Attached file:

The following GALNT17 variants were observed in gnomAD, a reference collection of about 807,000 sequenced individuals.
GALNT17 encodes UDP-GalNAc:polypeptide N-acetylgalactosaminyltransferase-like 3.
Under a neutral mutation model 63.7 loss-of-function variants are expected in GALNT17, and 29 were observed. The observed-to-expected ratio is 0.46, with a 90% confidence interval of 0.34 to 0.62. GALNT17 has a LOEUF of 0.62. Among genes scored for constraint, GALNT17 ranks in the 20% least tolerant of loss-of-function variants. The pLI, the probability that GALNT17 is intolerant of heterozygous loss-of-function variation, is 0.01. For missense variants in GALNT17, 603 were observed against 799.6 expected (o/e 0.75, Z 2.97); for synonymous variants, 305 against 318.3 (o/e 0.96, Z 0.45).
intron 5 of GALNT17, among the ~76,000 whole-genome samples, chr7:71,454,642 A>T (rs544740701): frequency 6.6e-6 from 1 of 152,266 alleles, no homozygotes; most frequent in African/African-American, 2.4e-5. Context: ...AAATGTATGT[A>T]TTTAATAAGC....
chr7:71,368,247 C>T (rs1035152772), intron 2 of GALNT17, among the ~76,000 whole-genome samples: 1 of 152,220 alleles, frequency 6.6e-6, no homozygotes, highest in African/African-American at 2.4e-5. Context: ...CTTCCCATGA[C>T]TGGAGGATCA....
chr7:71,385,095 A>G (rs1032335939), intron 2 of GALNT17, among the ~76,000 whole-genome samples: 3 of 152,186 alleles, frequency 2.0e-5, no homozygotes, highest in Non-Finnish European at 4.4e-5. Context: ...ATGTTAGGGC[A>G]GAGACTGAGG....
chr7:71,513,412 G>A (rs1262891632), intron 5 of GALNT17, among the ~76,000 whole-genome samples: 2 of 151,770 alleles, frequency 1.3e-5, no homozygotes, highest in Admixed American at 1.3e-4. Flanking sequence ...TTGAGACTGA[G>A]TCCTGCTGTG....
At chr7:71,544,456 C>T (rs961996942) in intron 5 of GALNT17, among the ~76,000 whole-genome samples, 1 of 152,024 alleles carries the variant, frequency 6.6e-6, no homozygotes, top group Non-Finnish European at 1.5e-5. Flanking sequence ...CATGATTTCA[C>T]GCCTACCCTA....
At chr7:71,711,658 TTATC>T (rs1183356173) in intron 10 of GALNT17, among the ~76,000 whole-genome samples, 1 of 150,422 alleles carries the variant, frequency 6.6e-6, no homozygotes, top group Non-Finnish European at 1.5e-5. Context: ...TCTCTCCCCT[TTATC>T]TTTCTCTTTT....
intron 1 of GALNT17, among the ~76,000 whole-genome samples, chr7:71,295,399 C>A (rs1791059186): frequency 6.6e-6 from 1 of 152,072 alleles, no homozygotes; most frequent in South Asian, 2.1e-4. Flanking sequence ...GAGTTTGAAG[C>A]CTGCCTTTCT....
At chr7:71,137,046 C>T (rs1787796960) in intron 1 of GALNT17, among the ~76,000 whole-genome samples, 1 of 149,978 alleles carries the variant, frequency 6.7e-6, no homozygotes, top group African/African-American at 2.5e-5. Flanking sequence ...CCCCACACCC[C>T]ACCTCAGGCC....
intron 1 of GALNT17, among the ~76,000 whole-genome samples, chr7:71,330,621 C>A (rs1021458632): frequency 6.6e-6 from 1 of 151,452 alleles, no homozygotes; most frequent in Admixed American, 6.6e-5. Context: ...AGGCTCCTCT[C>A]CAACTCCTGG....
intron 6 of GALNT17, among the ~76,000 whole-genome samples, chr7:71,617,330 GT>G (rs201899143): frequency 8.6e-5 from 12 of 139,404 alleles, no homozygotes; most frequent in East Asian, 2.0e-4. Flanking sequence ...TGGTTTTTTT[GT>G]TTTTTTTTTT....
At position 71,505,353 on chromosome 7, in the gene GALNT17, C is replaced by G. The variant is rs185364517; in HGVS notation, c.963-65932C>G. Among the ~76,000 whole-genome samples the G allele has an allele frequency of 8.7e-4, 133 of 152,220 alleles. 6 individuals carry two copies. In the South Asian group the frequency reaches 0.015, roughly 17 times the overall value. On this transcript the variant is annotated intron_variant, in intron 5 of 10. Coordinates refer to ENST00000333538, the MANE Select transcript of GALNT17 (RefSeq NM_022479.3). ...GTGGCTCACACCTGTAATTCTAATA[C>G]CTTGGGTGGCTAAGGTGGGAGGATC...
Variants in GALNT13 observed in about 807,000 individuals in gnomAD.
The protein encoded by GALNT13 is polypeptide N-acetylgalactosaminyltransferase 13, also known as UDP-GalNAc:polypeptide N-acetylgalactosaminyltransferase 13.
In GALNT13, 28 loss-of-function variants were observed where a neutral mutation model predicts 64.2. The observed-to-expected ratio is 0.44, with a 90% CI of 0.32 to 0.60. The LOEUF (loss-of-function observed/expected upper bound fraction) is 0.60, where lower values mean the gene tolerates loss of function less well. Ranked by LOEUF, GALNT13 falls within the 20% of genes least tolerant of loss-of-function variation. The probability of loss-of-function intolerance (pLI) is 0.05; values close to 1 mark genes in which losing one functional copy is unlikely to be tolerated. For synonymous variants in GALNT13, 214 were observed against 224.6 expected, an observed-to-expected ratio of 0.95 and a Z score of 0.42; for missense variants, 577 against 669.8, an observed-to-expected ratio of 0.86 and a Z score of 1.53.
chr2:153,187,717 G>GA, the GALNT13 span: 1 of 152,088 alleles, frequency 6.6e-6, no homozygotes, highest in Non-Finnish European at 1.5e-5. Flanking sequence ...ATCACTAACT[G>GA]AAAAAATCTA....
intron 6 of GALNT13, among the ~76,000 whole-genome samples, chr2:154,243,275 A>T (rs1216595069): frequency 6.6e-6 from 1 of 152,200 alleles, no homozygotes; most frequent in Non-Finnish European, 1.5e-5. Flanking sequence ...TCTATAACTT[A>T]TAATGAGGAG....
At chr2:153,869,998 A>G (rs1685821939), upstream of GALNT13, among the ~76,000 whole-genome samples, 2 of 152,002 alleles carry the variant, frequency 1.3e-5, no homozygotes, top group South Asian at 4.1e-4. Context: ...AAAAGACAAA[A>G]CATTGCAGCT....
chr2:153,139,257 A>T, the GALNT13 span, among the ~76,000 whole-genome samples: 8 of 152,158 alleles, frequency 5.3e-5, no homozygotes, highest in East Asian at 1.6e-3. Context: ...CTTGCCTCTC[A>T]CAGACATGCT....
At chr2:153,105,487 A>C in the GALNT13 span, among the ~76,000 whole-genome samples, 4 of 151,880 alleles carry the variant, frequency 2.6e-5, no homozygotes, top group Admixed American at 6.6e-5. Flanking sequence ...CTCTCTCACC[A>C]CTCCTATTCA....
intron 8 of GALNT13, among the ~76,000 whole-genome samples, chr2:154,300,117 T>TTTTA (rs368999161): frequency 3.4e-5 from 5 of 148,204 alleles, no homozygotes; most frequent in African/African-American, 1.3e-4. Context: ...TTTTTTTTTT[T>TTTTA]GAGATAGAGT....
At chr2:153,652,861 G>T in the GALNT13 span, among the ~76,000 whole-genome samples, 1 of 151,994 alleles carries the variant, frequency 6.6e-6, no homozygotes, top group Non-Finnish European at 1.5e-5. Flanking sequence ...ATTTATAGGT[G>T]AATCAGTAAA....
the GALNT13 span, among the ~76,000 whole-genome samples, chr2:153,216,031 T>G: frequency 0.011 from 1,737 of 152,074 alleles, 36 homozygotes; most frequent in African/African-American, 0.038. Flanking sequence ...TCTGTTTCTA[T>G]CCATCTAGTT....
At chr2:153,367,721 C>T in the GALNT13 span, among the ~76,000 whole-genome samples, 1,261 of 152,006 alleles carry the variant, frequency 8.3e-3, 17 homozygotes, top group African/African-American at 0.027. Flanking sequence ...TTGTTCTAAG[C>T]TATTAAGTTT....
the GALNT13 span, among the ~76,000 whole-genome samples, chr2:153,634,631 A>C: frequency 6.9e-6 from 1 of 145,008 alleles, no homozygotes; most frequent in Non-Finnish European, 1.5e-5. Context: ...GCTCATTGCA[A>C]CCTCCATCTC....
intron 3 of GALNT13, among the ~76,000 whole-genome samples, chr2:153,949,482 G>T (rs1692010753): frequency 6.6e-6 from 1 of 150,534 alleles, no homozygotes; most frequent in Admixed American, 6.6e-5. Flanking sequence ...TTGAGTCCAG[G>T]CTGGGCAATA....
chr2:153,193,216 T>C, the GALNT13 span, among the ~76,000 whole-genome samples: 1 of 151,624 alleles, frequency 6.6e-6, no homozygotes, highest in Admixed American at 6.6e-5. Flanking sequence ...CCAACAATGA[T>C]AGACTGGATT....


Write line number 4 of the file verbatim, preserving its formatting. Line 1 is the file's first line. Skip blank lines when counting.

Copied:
intron 5 of GALNT17, among the ~76,000 whole-genome samples, chr7:71,454,642 A>T (rs544740701): frequency 6.6e-6 from 1 of 152,266 alleles, no homozygotes; most frequent in African/African-American, 2.4e-5. Context: ...AAATGTATGT[A>T]TTTAATAAGC....